Apparently, the best way to get 20-somethings to attend a symphony concert is to hit them where they live: video games.
A much-younger-than-usual crowd packed Bass Hall to capacity (about 2,000) on Saturday for The Legend of Zelda: Symphony of the Goddesses — Master Quest, a multimedia presentation featuring the Fort Worth Symphony Orchestra performing music from the popular “Zelda” series of games beneath a 15-by-28-foot screen displaying footage of the game in action.
But the crowd, which included several young women dressed as the title character, was not just young adults. Because “Zelda” games have been around for more than 30 years, many of the fans were with parents who had taught them how to play those games. The attachment to Zelda, and its music, runs that wide and that deep.
You may think of video game music as a series of electronic beeps and whistles, which even the Zelda music was in its early days, when video game technology could not do much in the way of reproducing traditional musical sounds. But the musical beds for these games have grown in sophistication, just as their visual aspects have. And the “Zelda” series has long been known for the scores that accompany its action-adventure video challenges, wherein the hero, Link, confronts a daunting series of geographical obstacles, evil villains and vicious monsters to rescue the title princess.
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The selections heard Saturday were full-blown, symphonic arrangements of pieces created for the various incarnations of the game over its long history, during which nine composers have contributed. Not surprisingly, the pieces arranged in two suites (one heard in each half of the concert) varied a great deal in tone and style. But the dominant approach featured sweeping lyrical elements over a driving, martial beat.
All supported the concert’s visuals — which ranged from the jerky, jagged-edged animation of the art form’s early days to the sleek, near-cinematic look of today’s games — exceedingly well. Most of the pieces sounded like they could have come from the score of some current high-quality, live-action, action-adventure film.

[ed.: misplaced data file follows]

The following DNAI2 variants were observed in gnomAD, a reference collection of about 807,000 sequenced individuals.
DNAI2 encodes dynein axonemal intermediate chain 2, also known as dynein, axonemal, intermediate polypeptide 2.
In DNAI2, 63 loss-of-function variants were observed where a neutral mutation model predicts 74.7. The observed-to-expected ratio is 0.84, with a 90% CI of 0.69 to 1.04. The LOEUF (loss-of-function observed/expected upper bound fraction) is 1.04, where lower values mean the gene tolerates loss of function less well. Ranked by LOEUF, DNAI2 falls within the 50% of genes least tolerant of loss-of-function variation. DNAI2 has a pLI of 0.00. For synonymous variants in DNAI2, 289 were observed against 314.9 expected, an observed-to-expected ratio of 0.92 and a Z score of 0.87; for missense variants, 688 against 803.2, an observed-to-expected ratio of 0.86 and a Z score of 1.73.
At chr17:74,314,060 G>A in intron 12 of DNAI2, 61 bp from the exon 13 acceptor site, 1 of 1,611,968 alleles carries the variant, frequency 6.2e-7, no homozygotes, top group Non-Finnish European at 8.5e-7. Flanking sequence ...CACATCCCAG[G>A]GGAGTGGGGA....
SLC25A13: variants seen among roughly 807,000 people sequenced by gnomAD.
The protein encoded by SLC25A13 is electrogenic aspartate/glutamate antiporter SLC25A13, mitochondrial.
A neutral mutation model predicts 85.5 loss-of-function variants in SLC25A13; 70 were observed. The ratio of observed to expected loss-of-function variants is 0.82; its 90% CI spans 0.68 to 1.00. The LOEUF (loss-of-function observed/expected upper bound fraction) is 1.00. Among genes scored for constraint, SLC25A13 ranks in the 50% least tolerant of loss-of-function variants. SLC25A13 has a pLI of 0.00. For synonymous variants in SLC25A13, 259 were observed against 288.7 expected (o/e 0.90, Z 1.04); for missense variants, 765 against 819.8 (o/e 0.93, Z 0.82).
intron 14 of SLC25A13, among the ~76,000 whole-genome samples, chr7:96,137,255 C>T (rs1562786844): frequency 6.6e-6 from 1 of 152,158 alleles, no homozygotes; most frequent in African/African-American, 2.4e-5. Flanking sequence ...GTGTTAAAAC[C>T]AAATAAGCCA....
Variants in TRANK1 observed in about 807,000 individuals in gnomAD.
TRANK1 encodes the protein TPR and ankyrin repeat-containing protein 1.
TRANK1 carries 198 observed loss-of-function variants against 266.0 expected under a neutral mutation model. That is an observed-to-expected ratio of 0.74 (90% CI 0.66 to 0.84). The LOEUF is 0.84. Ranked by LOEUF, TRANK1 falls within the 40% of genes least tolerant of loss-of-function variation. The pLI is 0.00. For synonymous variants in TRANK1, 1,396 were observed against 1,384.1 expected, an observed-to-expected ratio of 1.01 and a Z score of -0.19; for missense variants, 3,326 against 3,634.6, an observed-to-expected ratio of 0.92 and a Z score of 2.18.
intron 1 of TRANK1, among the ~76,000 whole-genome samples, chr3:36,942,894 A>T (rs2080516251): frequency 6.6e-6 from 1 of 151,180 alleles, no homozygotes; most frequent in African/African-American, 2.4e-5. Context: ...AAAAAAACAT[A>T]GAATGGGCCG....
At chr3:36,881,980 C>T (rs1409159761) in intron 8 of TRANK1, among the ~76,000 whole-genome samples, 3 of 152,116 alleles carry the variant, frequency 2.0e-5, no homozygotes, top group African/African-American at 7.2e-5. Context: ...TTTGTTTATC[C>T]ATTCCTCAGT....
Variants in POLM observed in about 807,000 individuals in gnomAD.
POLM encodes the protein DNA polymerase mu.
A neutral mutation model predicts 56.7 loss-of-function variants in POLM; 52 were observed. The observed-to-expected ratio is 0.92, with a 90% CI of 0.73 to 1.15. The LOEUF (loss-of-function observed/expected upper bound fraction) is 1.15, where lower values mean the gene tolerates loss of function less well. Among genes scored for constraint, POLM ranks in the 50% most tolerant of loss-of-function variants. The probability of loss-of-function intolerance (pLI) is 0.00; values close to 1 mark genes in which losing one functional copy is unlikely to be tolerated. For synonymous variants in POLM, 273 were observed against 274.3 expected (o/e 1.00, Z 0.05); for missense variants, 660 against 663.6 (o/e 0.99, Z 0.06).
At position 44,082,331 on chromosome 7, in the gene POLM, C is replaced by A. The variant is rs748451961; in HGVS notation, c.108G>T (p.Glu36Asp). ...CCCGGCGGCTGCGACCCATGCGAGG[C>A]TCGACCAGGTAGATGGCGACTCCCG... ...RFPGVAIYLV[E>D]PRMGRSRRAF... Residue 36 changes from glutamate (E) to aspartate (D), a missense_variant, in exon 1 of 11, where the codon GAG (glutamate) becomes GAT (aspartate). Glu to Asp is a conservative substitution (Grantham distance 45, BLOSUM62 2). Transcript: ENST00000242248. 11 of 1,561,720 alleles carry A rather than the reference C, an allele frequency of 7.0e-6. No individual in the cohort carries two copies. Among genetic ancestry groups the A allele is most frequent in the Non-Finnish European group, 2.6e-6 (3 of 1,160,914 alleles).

Indeed, one of the most impressive aspects of the composers’ efforts was that they play John Williams’ game without directly imitating him. The music always had a familiar feel (even though the composers are all Japanese, the music was decidedly Western in style, with Wagner being the most obvious influence), but it never felt recycled.
The audience seemed to relish every note and image in the presentation, with Ocarina of Time, Time of the Falling Rain and the concluding The Goddess’ Lyric being among the most well-received segments.
The Fort Worth Symphony, under the baton of guest conductor Kelly Corcoran, took the music seriously and answered the bell admirably, delivering lyrical sweetness and stomping brutality with equal elan in this special, one-night-only concert. Playing for the second time since the resolution of its recent labor dispute and strike, the orchestra was crisp, clean and robust.
But the players also embraced the fun side of the event, as evidenced by the Zelda-esque elfin ears and stocking cap sported by principal violist Laura Bruton, who also had a replica of a shield from the game propped against her chair.
The real musical star of the evening, however, was the 16-member Fort Worth Opera Chorus. The choir, which was used on most of the concert’s numbers, blended gorgeously with the symphony’s densely orchestrated efforts, and added a great deal of personality and atmosphere to the music.
The video screen was also employed to good effect. In addition to the video game footage (which was often dazzling as it provided a reminder of the music’s true purpose), it was also used to show brief introductions to a few of the pieces by some the games’ creators and composers. And, during performance, live shots of the orchestra were dropped in that often called attention to a significant individual contribution that might have been otherwise lost in the rich, instrumentally diverse works on the bill.
So it was a glorious night for fans of the games and their scores. And the music was strong enough to also entertain and impress even a non-gamer such as this critic. It is difficult to understand how all these princesses seem to get into so much trouble but, after this concert, it is hard not be glad that Zelda so frequently finds herself in a jam.